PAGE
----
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There are certain events in life that when we stop and pay attention, bring into laser-sharp focus the importance of ultimate things:  baptisms, weddings, and funerals probably being the most significant.  For baptisms, we do not just celebrate because babies are cute or because adult baptisms feel empowering.  We celebrate by making promises to journey with the individual in their faith, and by renewing our own baptisms.  Similarly, we make promises to couples getting married.  There is even a prayer for already married couples in our liturgy, asking God to renew their promises to one another.  Of course, funerals can do the same thing.  They are not just sobering in their reminder of our own mortality, but also, they refocus us on the ultimate significance promised in Jesus Christ – eternal life.  All of these events in the life of the church offer us a sobering reminder of the importance of ultimate things.

In some ways, that is what Jesus is doing in the Beatitudes – that portion of the Sermon on the Mount found in Matthew’s gospel today.  Prior to these verses, Jesus has been healing the sick, proclaiming the gospel, and managing swarms of crowds who are drawn to his message and healing.  But in these verses, Jesus stops.  He sits down, gathers the disciples, and invites them to listen.  Jesus then shares the importance of ultimate things.  The disciples are seeing what he sees – the suffering, the pain, the agony.  Into that overwhelming need, Jesus does not teach them how to heal.  He does not teach them how preach.  He does not set a schedule for where they will go next or how many more they will heal.  Instead he lays out a series of blessings that remind the disciples what is ultimately important.  “Blessed are the poor in spirit, for theirs is the kingdom of heaven.  Blessed are those who mourn, for they will be comforted.  Blessed are the meek, for they will inherit the earth.  Blessed are those who hunger and thirst for righteousness, for they will be filled.  Blessed are the merciful, for they will receive mercy.  Blessed are the pure in heart, for they will see God.  Blessed are the peacemakers, for they will be called children of God.  Blessed are those who are persecuted for righteousness’ sake, for theirs is the kingdom of heaven.  Blessed are you when people revile you and persecute you and utter all kinds of evil against you falsely on my account. Rejoice and be glad, for your reward is great in heaven, for in the same way they persecuted the prophets who were before you.”  Jesus is more than willing to heal and soothe suffering.  But Jesus is also saying that our pain and our suffering mean something; our pain and suffering can and will be transformed.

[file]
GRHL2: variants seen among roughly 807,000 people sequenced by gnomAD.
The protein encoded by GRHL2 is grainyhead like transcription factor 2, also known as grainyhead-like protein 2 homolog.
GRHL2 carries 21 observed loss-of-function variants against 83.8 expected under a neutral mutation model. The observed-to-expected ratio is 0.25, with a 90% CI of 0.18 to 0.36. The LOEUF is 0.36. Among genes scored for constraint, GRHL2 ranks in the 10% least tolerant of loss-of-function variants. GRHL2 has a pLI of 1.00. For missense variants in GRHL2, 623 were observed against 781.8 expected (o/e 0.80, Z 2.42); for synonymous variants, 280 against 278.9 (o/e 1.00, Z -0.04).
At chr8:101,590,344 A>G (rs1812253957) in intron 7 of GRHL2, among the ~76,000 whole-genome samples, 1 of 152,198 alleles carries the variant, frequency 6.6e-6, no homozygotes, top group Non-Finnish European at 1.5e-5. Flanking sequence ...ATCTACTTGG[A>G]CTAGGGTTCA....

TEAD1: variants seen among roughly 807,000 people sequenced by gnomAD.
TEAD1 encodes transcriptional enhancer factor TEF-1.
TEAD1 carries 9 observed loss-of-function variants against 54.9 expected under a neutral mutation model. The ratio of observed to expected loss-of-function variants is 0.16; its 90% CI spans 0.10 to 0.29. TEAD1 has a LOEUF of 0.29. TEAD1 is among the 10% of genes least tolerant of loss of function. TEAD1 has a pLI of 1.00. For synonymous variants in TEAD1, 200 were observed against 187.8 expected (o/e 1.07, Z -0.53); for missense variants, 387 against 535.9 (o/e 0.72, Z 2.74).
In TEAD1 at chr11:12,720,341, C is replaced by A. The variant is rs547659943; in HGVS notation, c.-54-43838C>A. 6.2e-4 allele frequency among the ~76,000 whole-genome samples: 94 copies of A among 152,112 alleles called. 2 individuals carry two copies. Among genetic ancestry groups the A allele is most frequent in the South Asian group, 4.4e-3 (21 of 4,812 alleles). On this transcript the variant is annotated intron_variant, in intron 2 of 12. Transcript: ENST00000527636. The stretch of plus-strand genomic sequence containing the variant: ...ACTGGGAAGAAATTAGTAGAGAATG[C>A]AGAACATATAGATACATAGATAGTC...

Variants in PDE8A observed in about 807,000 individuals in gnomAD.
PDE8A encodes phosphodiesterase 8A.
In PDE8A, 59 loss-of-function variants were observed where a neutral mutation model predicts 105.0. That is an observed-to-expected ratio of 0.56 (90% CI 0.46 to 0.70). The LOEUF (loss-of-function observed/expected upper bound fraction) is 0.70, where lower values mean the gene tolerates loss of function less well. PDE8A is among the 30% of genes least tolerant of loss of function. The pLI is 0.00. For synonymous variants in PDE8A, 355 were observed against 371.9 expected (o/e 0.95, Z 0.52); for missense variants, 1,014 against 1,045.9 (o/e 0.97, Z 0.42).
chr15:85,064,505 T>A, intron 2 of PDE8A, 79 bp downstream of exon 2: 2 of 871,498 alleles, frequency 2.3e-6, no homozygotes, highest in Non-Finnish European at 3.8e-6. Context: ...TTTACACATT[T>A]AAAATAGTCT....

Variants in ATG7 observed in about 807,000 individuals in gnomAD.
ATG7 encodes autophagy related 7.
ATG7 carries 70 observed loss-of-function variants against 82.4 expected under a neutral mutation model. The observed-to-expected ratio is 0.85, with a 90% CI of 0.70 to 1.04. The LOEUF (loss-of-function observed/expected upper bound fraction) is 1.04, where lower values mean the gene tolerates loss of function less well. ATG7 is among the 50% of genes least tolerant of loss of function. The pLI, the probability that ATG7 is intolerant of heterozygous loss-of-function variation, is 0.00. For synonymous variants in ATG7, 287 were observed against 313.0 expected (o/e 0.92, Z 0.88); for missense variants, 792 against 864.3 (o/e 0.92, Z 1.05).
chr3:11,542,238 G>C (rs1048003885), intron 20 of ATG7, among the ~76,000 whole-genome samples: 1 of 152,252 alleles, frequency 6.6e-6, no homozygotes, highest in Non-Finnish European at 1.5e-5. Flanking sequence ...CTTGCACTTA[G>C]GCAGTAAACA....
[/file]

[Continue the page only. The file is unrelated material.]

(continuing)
We do something similar in our liturgical actions today as well.  We honor not just the saints who have gone before – those who have performed miracles or lived notable lives.  We honor all the “saints” – the label Saint Paul used for all Christians – the mothers, fathers, siblings, children, friends, lovers, and mentors who taught us about the ultimate things.  Even though the practice looks a little different this year, every year we tie ribbons on our altar rail to remember the ultimate things of this life – the wisdom our loved ones taught us.  In our socially distant worship service today, a couple will renew the wedding vows they made forty years ago because they want to remember the ultimate things of married life.  Even in the midst of pandemic, protests, and political campaigns, the Church today pauses this morning and reminds us of ultimate things. 

On this All Saints Day, the faithful stop, take a deep breath, pulling in the anxiety, the pain, the anger, and the suffering, and breathe out the words of Jesus, “Blessed are the poor in spirit…blessed are those who mourn…blessed are those who hunger, who are merciful, who are pure in heart, who are persecuted…blessed are the peacemakers…blessed are you.”  Our invitation today is to breathe in with the all the saints who have gone before, so that when we breathe out, we are renewed with the breath of ultimate things.  Keep doing the work of our Savior in this crazy time because you are blessed and will continue to be blessed.  Rejoice today and be exceedingly glad – for great is your reward in heaven.  Amen.